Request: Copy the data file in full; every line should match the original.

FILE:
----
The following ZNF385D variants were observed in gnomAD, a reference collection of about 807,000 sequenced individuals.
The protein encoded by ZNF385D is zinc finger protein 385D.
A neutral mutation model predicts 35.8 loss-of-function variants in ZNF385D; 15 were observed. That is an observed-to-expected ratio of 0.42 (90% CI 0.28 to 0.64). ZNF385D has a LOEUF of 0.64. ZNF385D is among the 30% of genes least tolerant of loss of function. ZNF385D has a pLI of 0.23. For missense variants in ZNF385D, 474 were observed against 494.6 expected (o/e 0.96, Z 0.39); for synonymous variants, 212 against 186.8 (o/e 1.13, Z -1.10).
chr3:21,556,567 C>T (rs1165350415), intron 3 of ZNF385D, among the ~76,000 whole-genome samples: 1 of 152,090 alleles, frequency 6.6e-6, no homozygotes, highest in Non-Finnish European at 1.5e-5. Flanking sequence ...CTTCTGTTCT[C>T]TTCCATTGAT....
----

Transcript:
The following ZNF385D variants were observed in gnomAD, a reference collection of about 807,000 sequenced individuals.
The protein encoded by ZNF385D is zinc finger protein 385D.
A neutral mutation model predicts 35.8 loss-of-function variants in ZNF385D; 15 were observed. That is an observed-to-expected ratio of 0.42 (90% CI 0.28 to 0.64). ZNF385D has a LOEUF of 0.64. ZNF385D is among the 30% of genes least tolerant of loss of function. ZNF385D has a pLI of 0.23. For missense variants in ZNF385D, 474 were observed against 494.6 expected (o/e 0.96, Z 0.39); for synonymous variants, 212 against 186.8 (o/e 1.13, Z -1.10).
chr3:21,556,567 C>T (rs1165350415), intron 3 of ZNF385D, among the ~76,000 whole-genome samples: 1 of 152,090 alleles, frequency 6.6e-6, no homozygotes, highest in Non-Finnish European at 1.5e-5. Flanking sequence ...CTTCTGTTCT[C>T]TTCCATTGAT....